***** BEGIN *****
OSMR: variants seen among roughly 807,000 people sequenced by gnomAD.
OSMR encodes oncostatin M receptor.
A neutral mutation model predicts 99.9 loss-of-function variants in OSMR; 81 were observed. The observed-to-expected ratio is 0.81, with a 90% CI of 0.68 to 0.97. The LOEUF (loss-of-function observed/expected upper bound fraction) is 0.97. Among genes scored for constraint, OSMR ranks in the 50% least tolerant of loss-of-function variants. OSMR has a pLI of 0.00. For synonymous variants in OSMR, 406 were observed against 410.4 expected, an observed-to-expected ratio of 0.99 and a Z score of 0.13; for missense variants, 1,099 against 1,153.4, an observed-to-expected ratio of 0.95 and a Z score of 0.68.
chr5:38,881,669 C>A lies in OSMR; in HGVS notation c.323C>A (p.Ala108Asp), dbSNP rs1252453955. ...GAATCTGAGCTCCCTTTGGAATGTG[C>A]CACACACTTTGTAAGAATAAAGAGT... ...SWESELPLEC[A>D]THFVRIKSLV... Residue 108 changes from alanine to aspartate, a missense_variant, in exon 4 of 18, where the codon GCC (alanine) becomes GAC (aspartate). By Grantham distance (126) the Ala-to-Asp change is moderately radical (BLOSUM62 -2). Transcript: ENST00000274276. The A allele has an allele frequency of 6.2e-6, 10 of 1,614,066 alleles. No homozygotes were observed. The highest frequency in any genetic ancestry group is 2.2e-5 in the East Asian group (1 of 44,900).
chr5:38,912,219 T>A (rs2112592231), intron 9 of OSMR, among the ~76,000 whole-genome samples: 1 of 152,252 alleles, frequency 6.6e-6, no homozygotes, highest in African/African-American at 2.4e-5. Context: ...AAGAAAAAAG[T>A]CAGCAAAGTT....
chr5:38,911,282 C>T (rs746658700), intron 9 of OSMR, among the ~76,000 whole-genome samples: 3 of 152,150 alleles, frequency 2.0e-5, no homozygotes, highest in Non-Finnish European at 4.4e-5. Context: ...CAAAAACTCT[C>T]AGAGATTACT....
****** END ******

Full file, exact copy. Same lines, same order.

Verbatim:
OSMR: variants seen among roughly 807,000 people sequenced by gnomAD.
OSMR encodes oncostatin M receptor.
A neutral mutation model predicts 99.9 loss-of-function variants in OSMR; 81 were observed. The observed-to-expected ratio is 0.81, with a 90% CI of 0.68 to 0.97. The LOEUF (loss-of-function observed/expected upper bound fraction) is 0.97. Among genes scored for constraint, OSMR ranks in the 50% least tolerant of loss-of-function variants. OSMR has a pLI of 0.00. For synonymous variants in OSMR, 406 were observed against 410.4 expected, an observed-to-expected ratio of 0.99 and a Z score of 0.13; for missense variants, 1,099 against 1,153.4, an observed-to-expected ratio of 0.95 and a Z score of 0.68.
chr5:38,881,669 C>A lies in OSMR; in HGVS notation c.323C>A (p.Ala108Asp), dbSNP rs1252453955. ...GAATCTGAGCTCCCTTTGGAATGTG[C>A]CACACACTTTGTAAGAATAAAGAGT... ...SWESELPLEC[A>D]THFVRIKSLV... Residue 108 changes from alanine to aspartate, a missense_variant, in exon 4 of 18, where the codon GCC (alanine) becomes GAC (aspartate). By Grantham distance (126) the Ala-to-Asp change is moderately radical (BLOSUM62 -2). Transcript: ENST00000274276. The A allele has an allele frequency of 6.2e-6, 10 of 1,614,066 alleles. No homozygotes were observed. The highest frequency in any genetic ancestry group is 2.2e-5 in the East Asian group (1 of 44,900).
chr5:38,912,219 T>A (rs2112592231), intron 9 of OSMR, among the ~76,000 whole-genome samples: 1 of 152,252 alleles, frequency 6.6e-6, no homozygotes, highest in African/African-American at 2.4e-5. Context: ...AAGAAAAAAG[T>A]CAGCAAAGTT....
chr5:38,911,282 C>T (rs746658700), intron 9 of OSMR, among the ~76,000 whole-genome samples: 3 of 152,150 alleles, frequency 2.0e-5, no homozygotes, highest in Non-Finnish European at 4.4e-5. Context: ...CAAAAACTCT[C>T]AGAGATTACT....